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Triton Hardware Limited v. Torngat Regional Housing Association, 2020 NLSC 72

Matthew DiBerardino, Summer Student

Overview & Facts

In Triton Hardware Limited v. Torngat Regional Housing Association, 2020 NLSC 72, Triton Hardware Limited (“Triton”) was an unsuccessful bidder that participated in a Torngat Regional Housing Corporation (“TRHC”) tender process for the construction of eight houses. The tender documents included a privilege clause that stated that “The Lowest of Any Quotes Will Not necessarily Be Accepted [sic]”. The instructions to bidders stated that bids were to include “the total price for the material adjacent to each item” and that this included “all costs to deliver the material, taxes and wharf charges”. Notwithstanding that Triton was the lowest bidder, TRHC awarded the contract to another bidder with whom they had contracted with in the past, White’s Construction Limited (“WCL”). In awarding the contract to WCL, TRHC stated that it relied on the privilege clause included in the tender documents, that the cost difference between Triton and WCL was negligible (less than $1,000 per house), and that Triton’s bid was non-compliant. Triton applied to the Newfoundland and Labrador Supreme Court (“NLSC”) for summary trial claiming that by awarding the construction contract to WCL, TRHC breached the terms of tender Contract A. In awarding damages to Triton, the NLSC determined that: (i) the matter was appropriate to be determined by way of summary trial and judgment, (ii) Triton was the lowest compliant bidder, and (iii) that TRHC was not entitled to rely on the privilege clause to award the contract to WCL.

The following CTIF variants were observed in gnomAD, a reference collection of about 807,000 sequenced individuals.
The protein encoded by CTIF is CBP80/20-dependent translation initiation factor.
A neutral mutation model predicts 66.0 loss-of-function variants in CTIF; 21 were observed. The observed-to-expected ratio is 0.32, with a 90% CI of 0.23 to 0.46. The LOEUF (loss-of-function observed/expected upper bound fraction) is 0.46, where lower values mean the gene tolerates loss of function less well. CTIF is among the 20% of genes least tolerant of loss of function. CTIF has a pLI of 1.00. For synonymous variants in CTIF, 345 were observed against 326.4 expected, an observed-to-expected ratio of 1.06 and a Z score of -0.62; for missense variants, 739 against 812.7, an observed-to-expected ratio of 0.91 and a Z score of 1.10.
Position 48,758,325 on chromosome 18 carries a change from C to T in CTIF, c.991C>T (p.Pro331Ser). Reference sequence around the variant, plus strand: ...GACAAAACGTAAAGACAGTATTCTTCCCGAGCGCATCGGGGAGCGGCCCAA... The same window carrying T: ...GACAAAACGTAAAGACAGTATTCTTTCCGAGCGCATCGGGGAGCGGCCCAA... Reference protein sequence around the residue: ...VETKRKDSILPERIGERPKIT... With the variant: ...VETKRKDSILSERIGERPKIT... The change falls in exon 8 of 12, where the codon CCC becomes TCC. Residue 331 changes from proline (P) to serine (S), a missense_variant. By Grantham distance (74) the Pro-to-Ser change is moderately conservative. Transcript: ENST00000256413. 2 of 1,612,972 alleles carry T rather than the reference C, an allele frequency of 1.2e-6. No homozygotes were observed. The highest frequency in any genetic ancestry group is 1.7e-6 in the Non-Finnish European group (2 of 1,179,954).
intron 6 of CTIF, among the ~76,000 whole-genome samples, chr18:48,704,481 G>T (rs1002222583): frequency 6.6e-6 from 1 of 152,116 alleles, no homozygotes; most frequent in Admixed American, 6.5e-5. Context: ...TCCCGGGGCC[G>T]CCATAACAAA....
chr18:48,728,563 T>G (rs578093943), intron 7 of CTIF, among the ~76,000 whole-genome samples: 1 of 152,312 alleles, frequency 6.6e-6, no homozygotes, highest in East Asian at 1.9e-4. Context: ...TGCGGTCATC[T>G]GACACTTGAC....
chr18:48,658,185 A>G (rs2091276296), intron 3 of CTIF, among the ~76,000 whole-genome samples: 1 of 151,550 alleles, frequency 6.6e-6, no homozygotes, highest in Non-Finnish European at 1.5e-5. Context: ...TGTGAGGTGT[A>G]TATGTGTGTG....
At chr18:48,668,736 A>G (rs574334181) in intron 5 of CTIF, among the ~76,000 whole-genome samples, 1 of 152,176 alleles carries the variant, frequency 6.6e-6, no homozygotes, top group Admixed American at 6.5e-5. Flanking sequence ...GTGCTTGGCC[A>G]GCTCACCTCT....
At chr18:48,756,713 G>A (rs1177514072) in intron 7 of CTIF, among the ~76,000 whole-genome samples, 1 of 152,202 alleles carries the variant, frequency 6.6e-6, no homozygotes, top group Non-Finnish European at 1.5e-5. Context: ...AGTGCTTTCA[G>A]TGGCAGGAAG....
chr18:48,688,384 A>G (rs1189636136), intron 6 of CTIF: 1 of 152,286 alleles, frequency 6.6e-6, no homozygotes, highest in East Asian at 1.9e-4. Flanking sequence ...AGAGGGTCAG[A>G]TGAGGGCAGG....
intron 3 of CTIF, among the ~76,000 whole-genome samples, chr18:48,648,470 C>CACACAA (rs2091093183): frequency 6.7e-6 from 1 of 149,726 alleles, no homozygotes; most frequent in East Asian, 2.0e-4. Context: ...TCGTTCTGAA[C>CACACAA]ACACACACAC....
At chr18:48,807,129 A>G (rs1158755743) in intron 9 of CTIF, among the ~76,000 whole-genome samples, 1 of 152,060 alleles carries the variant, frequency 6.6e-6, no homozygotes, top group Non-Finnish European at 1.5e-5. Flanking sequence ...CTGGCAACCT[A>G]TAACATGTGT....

(i) Application for Summary Trial and Judgment

The NLSC allowed Triton’s application for summary trial under Rule 17A of the Rules of the Supreme Court, 1986, SNL 1986, c 42, Schedule D (similar, but not identical, to Rule 20 of Ontario’s Rules of Civil Procedure). At the NLSC, summary trial proceedings may be used to decide factual and legal issues where the facts are not in dispute or are easily ascertained by the Court: LHE v. DHE, 2019 NLCA 66. Where there is a genuine issue for trial, the Court may still proceed by way of summary trial where it is satisfied that the evidentiary record is “sufficient for adjudication”: Pomerleau Inc v. Newfoundland and Labrador (Minister of Transportation and Works), 2014 NLTD(G) 19. Triton and TRHC were in agreement that the fundamental principles of Canadian tendering law applied. The only disagreement was whether Triton’s bid was factually compliant since it included HST in the bid prices. However, the NLSC concluded that this issue could be decided based on the evidentiary record put before it.

(ii) Contract A, Mandatory Compliance – Substantial Compliance

Upon submission of its bid, Triton entered into Contract A with TRHC. Contract A requires that the owner must not accept a bid that is not compliant with the terms of the tender documents: MJB Enterprises Ltd v. Defence Construction (1951) Ltd, [1999] 1 SCR 619. No evidence was given regarding whether the tender documents included a discretion clause (e.g. “the owner will have the right to waive minor errors, omissions or irregularities”). However, the NLSC held that the prevailing test for tender bid compliance is substantial compliance and not strict compliance: Coady Construction & Excavating Limited v. Conception Bay South (Town), 2018 NLSC 115; Cougar Engineering and Construction v. Newfoundland and Labrador, 2015 NLCA 45. The TRHC claimed that Triton’s bid was non-compliant with the tender call because it included HST in the bid prices. However, this argument was rejected because the instructions to bidders expressly required the submission of “total prices” which included “all costs to deliver the material, taxes and wharf charges”. Accordingly, the NLSC held that Triton’s bid was compliant with all material conditions of the tender call. In so doing, the NLSC noted that “TRHC’s reliance on the privilege clause… is evidence from which there is a compelling inference that Triton was a compliant bidder.”